Thermal Imaging Cameras

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A thermal imaging camera (colloquially known as a TIC) is a type of the thermographic camera used in firefighting. By rendering infrared radiation as visible light, such cameras allow firefighters to see areas of heat through smoke, darkness, or heat-permeable barriers. Thermal imaging cameras are typically handheld, but may be helmet-mounted. They are constructed using heat- and water-resistant housings, and ruggedized to withstand the hazards of fireground operations. [1]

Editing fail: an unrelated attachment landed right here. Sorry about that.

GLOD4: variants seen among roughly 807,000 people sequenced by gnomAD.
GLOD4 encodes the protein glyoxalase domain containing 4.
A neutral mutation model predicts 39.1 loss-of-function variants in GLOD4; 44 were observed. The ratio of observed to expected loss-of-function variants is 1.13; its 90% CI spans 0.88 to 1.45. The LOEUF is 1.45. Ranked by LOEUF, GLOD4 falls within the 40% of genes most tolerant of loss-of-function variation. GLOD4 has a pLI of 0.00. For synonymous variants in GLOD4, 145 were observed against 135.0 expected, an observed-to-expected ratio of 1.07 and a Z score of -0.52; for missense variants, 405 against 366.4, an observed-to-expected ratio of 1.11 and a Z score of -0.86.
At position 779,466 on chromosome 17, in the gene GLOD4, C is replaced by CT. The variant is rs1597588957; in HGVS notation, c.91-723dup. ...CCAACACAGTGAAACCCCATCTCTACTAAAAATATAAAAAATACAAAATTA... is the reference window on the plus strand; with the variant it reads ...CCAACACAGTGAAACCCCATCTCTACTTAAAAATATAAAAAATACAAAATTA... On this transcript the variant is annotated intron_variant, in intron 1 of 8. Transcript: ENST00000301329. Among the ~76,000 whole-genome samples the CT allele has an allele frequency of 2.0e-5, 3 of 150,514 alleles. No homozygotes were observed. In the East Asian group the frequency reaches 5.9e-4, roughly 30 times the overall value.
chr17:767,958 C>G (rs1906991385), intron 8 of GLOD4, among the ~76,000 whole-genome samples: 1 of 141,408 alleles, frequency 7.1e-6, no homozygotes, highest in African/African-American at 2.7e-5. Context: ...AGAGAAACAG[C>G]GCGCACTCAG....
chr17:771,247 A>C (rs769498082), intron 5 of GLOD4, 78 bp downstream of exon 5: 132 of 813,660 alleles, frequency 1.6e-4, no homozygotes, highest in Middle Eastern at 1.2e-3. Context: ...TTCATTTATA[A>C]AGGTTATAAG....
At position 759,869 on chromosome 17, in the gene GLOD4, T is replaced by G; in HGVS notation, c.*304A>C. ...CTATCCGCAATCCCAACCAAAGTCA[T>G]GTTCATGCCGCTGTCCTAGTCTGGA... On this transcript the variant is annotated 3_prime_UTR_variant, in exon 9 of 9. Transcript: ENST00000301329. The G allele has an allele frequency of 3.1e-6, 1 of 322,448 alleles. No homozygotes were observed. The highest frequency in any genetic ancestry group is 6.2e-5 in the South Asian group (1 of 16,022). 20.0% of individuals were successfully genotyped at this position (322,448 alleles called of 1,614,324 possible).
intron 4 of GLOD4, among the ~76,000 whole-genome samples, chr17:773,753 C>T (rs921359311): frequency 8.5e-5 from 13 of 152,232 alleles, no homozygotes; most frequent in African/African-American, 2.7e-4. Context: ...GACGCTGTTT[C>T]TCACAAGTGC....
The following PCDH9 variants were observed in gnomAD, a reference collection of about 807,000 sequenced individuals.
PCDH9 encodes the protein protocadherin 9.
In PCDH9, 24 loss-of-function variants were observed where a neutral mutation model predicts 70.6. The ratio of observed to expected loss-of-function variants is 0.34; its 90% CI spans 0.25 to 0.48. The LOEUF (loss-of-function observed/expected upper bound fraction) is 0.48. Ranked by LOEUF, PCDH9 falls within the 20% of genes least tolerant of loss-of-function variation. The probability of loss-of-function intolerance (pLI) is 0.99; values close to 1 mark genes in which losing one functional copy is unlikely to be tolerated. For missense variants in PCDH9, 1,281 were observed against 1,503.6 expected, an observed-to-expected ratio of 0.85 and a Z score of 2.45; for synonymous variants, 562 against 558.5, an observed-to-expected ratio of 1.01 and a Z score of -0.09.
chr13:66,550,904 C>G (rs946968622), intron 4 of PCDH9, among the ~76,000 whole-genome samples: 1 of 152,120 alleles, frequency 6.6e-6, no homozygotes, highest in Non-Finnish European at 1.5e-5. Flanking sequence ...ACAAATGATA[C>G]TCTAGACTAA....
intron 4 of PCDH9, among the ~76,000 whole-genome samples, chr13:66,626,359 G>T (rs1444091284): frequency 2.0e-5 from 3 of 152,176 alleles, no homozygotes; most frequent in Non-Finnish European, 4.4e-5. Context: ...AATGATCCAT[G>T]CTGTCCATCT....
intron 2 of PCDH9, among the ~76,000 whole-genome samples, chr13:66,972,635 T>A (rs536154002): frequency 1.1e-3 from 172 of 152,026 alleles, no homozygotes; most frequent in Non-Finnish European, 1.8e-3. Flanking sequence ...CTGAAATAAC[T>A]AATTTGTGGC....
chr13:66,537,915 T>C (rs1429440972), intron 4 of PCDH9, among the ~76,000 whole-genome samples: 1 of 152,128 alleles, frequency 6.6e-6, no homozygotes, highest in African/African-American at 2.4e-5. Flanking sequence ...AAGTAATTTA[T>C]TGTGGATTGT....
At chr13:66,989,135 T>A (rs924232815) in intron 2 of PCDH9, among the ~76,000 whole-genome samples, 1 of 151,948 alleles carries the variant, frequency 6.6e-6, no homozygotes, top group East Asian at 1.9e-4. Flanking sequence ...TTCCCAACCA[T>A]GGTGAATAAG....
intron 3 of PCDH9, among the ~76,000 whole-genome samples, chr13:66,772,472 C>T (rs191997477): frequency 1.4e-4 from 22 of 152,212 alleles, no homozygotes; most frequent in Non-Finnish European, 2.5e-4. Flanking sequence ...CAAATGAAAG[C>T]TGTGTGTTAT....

Thermal Imaging Cameras (TICs) are used for a number of operations:

  • Finding heat within walls and structures
  • Finding hot spots on wild fire during mop up
  • Performing an oriented search within a fire
  • Structure fire overhaul
  • Finding people trapped in a fire, in a building, and outdoors


The biggest limitation of a TIC is that they are not able to look through glass such as windows. The room behind a window may be very hot and in the TIC it may appear as cold or just warm. You cannot search a room for a missing person through an intact window. Additionally, glass and mirrors may show heat that is actually a reflection from elsewhere.

MEFD uses two types of TICs

TICs integrated into our MSA G1 SCBA. Each engine has three airpacks with a TIC. See SCBA

Handheld Argus Mi-TIC-S Thermal Imaging Camera devices on engines and brush trucks.